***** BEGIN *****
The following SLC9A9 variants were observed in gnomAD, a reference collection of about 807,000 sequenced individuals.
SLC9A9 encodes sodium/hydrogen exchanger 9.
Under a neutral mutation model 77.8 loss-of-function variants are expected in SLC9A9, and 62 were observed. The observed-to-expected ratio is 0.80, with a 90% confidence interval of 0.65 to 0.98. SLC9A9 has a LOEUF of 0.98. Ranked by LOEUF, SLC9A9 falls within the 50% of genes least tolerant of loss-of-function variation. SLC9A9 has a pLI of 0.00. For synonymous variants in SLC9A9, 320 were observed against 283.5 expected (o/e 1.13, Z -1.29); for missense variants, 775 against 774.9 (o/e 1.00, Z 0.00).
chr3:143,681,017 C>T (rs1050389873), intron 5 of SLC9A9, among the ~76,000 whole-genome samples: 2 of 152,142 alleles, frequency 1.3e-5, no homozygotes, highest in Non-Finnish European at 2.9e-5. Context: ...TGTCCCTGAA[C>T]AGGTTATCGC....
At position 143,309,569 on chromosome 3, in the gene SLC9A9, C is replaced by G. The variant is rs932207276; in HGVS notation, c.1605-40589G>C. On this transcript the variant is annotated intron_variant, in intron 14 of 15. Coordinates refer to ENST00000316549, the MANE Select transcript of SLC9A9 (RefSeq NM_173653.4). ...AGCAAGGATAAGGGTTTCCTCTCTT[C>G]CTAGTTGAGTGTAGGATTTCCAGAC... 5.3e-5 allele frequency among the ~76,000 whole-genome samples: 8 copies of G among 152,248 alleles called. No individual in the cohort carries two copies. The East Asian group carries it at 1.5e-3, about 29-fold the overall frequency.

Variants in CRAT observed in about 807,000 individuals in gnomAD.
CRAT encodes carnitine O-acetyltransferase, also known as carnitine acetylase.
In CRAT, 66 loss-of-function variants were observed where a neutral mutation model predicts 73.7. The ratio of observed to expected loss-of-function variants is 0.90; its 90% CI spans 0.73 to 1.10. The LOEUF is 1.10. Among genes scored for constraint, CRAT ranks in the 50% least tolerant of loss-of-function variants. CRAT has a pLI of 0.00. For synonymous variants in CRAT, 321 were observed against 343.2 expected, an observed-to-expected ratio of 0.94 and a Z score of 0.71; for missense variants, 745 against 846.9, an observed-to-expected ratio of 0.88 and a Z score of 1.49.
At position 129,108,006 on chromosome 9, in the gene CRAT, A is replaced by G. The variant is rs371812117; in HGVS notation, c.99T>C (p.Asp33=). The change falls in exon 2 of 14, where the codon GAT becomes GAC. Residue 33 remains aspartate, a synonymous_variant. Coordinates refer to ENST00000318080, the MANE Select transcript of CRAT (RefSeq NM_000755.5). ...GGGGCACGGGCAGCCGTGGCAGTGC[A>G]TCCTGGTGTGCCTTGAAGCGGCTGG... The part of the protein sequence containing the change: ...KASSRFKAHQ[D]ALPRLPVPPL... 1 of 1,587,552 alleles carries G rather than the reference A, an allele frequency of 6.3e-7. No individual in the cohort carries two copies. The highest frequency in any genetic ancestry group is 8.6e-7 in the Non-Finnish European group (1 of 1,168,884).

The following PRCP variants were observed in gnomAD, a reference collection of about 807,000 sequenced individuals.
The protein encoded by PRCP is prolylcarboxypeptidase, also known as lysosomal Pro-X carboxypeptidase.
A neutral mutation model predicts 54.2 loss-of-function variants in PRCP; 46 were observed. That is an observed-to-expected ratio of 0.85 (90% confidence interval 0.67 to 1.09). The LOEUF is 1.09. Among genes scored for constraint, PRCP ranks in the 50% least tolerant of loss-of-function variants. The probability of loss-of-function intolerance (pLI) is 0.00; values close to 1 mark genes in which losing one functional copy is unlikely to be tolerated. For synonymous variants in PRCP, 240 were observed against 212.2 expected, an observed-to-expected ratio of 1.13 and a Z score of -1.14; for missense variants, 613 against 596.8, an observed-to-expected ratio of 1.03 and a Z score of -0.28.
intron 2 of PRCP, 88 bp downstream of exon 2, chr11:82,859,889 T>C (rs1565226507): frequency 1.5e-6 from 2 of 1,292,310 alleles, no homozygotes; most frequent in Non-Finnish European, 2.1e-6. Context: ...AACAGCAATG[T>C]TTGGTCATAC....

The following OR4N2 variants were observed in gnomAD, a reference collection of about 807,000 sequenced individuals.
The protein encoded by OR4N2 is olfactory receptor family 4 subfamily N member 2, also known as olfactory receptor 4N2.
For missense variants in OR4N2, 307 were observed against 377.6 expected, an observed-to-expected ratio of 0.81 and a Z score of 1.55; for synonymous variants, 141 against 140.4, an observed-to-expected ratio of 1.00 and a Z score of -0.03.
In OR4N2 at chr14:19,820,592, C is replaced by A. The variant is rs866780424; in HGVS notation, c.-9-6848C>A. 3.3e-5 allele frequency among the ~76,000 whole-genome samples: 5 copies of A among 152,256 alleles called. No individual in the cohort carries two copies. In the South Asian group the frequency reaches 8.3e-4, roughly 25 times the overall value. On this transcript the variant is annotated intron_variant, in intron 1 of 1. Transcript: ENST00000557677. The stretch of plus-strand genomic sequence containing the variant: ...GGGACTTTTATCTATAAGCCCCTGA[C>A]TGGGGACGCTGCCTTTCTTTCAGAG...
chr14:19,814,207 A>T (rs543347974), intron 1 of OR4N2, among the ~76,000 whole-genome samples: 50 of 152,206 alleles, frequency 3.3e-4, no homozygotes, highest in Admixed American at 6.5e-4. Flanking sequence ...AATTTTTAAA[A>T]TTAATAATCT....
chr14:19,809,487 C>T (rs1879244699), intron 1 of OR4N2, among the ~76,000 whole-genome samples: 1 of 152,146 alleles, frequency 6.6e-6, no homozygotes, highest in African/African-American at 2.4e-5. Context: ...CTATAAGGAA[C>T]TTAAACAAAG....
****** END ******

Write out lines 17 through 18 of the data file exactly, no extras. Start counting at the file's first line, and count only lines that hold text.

In OR4N2 at chr14:19,820,592, C is replaced by A. The variant is rs866780424; in HGVS notation, c.-9-6848C>A. 3.3e-5 allele frequency among the ~76,000 whole-genome samples: 5 copies of A among 152,256 alleles called. No individual in the cohort carries two copies. In the South Asian group the frequency reaches 8.3e-4, roughly 25 times the overall value. On this transcript the variant is annotated intron_variant, in intron 1 of 1. Transcript: ENST00000557677. The stretch of plus-strand genomic sequence containing the variant: ...GGGACTTTTATCTATAAGCCCCTGA[C>A]TGGGGACGCTGCCTTTCTTTCAGAG...
chr14:19,814,207 A>T (rs543347974), intron 1 of OR4N2, among the ~76,000 whole-genome samples: 50 of 152,206 alleles, frequency 3.3e-4, no homozygotes, highest in Admixed American at 6.5e-4. Flanking sequence ...AATTTTTAAA[A>T]TTAATAATCT....